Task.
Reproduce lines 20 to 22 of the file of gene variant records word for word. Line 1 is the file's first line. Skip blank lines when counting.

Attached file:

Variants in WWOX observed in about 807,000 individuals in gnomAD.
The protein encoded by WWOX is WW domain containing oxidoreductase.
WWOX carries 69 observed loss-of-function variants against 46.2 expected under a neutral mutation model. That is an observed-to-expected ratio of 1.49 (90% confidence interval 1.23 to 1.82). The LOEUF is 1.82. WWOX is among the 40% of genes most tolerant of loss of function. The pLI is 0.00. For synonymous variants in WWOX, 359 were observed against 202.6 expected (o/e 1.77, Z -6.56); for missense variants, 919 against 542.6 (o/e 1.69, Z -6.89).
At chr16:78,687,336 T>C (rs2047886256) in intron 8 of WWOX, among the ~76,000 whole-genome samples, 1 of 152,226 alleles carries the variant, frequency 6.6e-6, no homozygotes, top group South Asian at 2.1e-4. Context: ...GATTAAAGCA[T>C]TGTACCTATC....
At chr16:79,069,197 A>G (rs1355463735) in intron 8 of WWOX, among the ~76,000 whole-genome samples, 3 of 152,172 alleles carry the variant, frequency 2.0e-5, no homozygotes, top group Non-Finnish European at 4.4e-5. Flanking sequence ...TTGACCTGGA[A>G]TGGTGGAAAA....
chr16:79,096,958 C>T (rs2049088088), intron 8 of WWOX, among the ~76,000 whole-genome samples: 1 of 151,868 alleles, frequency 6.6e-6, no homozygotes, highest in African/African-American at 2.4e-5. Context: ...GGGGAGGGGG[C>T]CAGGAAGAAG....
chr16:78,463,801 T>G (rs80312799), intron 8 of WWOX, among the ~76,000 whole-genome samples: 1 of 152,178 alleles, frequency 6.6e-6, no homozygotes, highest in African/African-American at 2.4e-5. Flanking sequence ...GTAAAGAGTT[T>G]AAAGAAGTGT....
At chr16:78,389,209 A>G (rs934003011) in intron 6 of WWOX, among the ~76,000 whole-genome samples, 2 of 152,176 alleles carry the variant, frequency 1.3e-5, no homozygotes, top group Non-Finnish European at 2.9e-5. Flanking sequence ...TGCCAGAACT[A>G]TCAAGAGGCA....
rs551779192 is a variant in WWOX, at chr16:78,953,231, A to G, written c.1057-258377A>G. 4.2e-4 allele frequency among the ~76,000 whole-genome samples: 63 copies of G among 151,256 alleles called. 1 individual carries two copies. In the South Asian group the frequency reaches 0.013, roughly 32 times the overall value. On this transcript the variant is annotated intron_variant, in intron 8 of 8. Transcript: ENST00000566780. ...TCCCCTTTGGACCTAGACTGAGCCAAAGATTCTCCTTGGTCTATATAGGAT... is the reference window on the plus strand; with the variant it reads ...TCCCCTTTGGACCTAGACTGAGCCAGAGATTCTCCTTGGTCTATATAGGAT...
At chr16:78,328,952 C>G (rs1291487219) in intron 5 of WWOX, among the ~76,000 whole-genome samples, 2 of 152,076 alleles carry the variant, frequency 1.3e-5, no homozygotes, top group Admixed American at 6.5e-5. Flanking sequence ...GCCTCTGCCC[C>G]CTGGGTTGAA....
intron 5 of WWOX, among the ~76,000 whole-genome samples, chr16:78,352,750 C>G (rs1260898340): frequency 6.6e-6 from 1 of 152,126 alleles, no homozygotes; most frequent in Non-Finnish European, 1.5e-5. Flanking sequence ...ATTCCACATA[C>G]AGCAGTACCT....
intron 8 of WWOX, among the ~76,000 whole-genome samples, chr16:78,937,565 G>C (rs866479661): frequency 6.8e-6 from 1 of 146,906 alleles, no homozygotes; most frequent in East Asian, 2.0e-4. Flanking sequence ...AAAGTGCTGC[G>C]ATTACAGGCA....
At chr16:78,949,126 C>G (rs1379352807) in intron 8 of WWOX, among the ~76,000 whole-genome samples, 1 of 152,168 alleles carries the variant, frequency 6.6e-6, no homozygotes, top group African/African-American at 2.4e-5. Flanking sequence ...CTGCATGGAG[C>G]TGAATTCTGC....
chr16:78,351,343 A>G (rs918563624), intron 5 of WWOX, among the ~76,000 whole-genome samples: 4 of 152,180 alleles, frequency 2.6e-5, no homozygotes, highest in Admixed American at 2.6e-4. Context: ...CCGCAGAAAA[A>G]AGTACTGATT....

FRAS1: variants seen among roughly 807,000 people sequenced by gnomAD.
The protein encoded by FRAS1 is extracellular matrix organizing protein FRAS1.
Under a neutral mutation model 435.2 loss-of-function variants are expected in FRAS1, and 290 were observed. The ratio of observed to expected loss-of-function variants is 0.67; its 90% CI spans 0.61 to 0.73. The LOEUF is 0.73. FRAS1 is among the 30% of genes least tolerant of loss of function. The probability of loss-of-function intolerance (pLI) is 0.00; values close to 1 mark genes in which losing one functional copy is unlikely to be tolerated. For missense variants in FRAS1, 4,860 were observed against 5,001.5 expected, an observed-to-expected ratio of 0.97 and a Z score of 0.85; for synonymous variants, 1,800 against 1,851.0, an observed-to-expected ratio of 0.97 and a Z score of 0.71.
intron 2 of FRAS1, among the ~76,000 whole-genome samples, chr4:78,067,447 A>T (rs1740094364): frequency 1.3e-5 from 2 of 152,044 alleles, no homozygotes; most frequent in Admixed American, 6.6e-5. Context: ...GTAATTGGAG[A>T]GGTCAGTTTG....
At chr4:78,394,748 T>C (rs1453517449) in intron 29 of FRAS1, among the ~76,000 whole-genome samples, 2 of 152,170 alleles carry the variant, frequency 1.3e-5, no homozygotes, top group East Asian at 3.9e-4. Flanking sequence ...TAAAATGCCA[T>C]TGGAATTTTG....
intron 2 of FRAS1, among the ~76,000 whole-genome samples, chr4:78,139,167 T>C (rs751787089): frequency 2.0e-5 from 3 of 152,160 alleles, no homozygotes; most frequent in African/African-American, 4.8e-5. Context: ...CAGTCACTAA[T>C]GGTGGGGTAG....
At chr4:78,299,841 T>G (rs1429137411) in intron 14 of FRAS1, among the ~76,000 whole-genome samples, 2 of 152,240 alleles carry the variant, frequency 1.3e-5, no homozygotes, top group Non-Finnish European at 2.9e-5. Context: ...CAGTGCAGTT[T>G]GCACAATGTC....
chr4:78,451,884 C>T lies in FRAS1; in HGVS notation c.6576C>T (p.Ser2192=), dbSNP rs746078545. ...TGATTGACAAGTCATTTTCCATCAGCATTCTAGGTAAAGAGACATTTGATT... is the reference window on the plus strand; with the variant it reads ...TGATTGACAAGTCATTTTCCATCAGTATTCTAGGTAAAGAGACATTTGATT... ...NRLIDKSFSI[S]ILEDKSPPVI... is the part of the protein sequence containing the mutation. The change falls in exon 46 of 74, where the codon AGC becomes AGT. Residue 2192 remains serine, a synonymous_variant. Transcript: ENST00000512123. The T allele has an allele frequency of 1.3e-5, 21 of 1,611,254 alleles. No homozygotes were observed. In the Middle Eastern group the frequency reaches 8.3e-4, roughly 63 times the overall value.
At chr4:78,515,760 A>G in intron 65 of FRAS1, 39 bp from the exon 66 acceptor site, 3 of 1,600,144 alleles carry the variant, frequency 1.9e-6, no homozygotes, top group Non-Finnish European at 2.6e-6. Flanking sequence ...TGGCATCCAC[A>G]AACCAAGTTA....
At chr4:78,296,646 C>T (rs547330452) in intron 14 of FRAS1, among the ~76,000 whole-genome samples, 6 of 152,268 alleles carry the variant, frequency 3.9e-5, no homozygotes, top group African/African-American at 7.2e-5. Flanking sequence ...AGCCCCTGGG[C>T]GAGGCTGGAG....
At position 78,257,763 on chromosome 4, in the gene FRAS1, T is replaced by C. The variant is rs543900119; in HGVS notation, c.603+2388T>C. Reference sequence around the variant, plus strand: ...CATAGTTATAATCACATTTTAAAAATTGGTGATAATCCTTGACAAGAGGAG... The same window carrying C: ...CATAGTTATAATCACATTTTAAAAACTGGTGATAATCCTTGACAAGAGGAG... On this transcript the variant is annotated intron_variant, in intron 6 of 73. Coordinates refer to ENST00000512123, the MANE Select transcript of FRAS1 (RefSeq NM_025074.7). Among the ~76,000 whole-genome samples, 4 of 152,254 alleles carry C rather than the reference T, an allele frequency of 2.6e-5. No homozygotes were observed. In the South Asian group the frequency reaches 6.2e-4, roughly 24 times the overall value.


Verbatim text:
intron 2 of FRAS1, among the ~76,000 whole-genome samples, chr4:78,139,167 T>C (rs751787089): frequency 2.0e-5 from 3 of 152,160 alleles, no homozygotes; most frequent in African/African-American, 4.8e-5. Context: ...CAGTCACTAA[T>C]GGTGGGGTAG....
At chr4:78,299,841 T>G (rs1429137411) in intron 14 of FRAS1, among the ~76,000 whole-genome samples, 2 of 152,240 alleles carry the variant, frequency 1.3e-5, no homozygotes, top group Non-Finnish European at 2.9e-5. Context: ...CAGTGCAGTT[T>G]GCACAATGTC....
chr4:78,451,884 C>T lies in FRAS1; in HGVS notation c.6576C>T (p.Ser2192=), dbSNP rs746078545. ...TGATTGACAAGTCATTTTCCATCAGCATTCTAGGTAAAGAGACATTTGATT... is the reference window on the plus strand; with the variant it reads ...TGATTGACAAGTCATTTTCCATCAGTATTCTAGGTAAAGAGACATTTGATT... ...NRLIDKSFSI[S]ILEDKSPPVI... is the part of the protein sequence containing the mutation. The change falls in exon 46 of 74, where the codon AGC becomes AGT. Residue 2192 remains serine, a synonymous_variant. Transcript: ENST00000512123. The T allele has an allele frequency of 1.3e-5, 21 of 1,611,254 alleles. No homozygotes were observed. In the Middle Eastern group the frequency reaches 8.3e-4, roughly 63 times the overall value.